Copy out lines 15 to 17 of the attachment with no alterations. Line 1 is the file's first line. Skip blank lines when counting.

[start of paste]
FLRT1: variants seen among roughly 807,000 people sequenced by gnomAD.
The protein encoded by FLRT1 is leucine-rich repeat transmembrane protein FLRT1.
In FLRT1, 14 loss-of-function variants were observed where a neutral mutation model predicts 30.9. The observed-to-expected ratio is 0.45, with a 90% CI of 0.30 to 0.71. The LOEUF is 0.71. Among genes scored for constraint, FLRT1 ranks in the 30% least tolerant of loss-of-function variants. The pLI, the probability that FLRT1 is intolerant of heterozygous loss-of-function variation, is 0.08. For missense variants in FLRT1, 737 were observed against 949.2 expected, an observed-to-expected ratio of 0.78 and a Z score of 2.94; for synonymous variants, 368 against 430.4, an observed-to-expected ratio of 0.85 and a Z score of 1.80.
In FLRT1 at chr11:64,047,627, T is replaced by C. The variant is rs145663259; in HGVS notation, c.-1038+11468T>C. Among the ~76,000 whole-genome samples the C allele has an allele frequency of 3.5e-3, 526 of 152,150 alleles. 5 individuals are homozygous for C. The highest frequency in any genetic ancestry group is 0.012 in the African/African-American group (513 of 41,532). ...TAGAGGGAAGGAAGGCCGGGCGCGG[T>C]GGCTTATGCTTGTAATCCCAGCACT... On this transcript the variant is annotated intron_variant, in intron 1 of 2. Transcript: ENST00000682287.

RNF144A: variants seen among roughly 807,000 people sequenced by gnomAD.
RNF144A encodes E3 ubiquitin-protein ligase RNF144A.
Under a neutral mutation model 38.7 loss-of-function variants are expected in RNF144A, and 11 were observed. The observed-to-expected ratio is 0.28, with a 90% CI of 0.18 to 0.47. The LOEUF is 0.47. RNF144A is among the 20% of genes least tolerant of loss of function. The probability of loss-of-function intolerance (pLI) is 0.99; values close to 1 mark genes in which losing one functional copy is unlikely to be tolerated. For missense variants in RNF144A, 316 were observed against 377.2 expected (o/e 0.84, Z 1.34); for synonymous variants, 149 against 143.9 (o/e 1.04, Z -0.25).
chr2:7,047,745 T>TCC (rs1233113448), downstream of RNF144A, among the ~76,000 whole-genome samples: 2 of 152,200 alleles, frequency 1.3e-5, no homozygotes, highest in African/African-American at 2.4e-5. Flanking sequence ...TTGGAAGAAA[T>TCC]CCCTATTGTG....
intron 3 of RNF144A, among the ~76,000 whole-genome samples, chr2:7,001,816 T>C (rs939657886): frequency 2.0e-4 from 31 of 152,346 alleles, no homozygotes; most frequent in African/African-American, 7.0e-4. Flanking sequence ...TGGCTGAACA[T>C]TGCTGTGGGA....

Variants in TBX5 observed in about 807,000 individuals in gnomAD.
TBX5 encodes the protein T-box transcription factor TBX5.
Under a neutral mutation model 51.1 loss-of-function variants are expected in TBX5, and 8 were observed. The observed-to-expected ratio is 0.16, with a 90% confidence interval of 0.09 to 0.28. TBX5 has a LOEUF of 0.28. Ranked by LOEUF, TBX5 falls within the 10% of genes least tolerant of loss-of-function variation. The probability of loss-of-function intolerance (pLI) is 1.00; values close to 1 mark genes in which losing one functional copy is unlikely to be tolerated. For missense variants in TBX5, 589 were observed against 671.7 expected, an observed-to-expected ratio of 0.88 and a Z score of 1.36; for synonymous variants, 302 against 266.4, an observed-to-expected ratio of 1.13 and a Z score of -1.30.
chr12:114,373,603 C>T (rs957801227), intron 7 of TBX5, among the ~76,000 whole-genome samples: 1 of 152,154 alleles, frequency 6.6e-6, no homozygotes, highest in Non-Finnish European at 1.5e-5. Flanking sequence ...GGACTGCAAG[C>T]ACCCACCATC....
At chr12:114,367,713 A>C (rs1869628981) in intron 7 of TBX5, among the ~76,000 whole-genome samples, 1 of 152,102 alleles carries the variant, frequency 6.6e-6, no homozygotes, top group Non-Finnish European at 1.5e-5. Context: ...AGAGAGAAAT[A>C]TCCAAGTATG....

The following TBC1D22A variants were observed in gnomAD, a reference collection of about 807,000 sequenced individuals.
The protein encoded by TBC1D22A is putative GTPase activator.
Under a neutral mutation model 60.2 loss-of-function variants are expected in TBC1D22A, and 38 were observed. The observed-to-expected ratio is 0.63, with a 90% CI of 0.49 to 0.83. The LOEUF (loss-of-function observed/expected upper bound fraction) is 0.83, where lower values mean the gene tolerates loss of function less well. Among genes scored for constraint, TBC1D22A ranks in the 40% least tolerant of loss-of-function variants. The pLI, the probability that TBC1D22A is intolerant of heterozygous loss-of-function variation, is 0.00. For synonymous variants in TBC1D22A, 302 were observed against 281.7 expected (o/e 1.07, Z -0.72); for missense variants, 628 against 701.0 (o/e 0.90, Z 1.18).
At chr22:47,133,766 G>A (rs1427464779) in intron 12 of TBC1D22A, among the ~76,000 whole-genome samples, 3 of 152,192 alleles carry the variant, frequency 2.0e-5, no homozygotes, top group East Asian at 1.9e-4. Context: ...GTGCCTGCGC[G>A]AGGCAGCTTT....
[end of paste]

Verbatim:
The following TBC1D22A variants were observed in gnomAD, a reference collection of about 807,000 sequenced individuals.
The protein encoded by TBC1D22A is putative GTPase activator.
Under a neutral mutation model 60.2 loss-of-function variants are expected in TBC1D22A, and 38 were observed. The observed-to-expected ratio is 0.63, with a 90% CI of 0.49 to 0.83. The LOEUF (loss-of-function observed/expected upper bound fraction) is 0.83, where lower values mean the gene tolerates loss of function less well. Among genes scored for constraint, TBC1D22A ranks in the 40% least tolerant of loss-of-function variants. The pLI, the probability that TBC1D22A is intolerant of heterozygous loss-of-function variation, is 0.00. For synonymous variants in TBC1D22A, 302 were observed against 281.7 expected (o/e 1.07, Z -0.72); for missense variants, 628 against 701.0 (o/e 0.90, Z 1.18).